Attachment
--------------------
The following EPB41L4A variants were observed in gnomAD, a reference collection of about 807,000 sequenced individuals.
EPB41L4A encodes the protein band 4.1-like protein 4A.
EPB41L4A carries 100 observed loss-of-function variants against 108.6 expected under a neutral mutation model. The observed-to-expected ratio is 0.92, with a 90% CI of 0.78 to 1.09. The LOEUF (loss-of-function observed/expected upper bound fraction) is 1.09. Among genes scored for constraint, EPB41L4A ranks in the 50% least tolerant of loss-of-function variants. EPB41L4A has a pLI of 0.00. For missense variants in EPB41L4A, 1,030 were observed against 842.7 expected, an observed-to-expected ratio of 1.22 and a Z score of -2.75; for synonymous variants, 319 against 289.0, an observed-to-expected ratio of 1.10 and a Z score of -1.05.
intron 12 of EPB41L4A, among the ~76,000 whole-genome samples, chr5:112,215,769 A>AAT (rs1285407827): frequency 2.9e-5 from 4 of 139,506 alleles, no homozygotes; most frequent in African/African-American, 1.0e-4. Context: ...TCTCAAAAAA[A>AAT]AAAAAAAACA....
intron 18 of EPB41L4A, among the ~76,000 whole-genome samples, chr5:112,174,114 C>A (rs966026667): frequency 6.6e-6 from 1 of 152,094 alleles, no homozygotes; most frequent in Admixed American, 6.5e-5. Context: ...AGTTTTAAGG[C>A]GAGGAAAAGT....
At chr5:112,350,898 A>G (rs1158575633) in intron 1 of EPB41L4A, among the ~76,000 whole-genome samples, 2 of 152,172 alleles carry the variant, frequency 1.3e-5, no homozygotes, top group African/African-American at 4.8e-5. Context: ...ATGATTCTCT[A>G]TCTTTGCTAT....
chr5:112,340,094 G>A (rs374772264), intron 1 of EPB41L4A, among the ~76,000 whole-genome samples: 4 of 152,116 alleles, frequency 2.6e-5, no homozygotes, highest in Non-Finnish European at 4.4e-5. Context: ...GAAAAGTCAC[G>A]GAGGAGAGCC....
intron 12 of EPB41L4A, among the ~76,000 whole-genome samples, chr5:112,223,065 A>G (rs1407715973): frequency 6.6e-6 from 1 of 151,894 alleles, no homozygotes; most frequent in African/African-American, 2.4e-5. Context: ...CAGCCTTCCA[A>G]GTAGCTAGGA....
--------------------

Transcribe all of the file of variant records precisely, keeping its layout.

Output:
The following EPB41L4A variants were observed in gnomAD, a reference collection of about 807,000 sequenced individuals.
EPB41L4A encodes the protein band 4.1-like protein 4A.
EPB41L4A carries 100 observed loss-of-function variants against 108.6 expected under a neutral mutation model. The observed-to-expected ratio is 0.92, with a 90% CI of 0.78 to 1.09. The LOEUF (loss-of-function observed/expected upper bound fraction) is 1.09. Among genes scored for constraint, EPB41L4A ranks in the 50% least tolerant of loss-of-function variants. EPB41L4A has a pLI of 0.00. For missense variants in EPB41L4A, 1,030 were observed against 842.7 expected, an observed-to-expected ratio of 1.22 and a Z score of -2.75; for synonymous variants, 319 against 289.0, an observed-to-expected ratio of 1.10 and a Z score of -1.05.
intron 12 of EPB41L4A, among the ~76,000 whole-genome samples, chr5:112,215,769 A>AAT (rs1285407827): frequency 2.9e-5 from 4 of 139,506 alleles, no homozygotes; most frequent in African/African-American, 1.0e-4. Context: ...TCTCAAAAAA[A>AAT]AAAAAAAACA....
intron 18 of EPB41L4A, among the ~76,000 whole-genome samples, chr5:112,174,114 C>A (rs966026667): frequency 6.6e-6 from 1 of 152,094 alleles, no homozygotes; most frequent in Admixed American, 6.5e-5. Context: ...AGTTTTAAGG[C>A]GAGGAAAAGT....
At chr5:112,350,898 A>G (rs1158575633) in intron 1 of EPB41L4A, among the ~76,000 whole-genome samples, 2 of 152,172 alleles carry the variant, frequency 1.3e-5, no homozygotes, top group African/African-American at 4.8e-5. Context: ...ATGATTCTCT[A>G]TCTTTGCTAT....
chr5:112,340,094 G>A (rs374772264), intron 1 of EPB41L4A, among the ~76,000 whole-genome samples: 4 of 152,116 alleles, frequency 2.6e-5, no homozygotes, highest in Non-Finnish European at 4.4e-5. Context: ...GAAAAGTCAC[G>A]GAGGAGAGCC....
intron 12 of EPB41L4A, among the ~76,000 whole-genome samples, chr5:112,223,065 A>G (rs1407715973): frequency 6.6e-6 from 1 of 151,894 alleles, no homozygotes; most frequent in African/African-American, 2.4e-5. Context: ...CAGCCTTCCA[A>G]GTAGCTAGGA....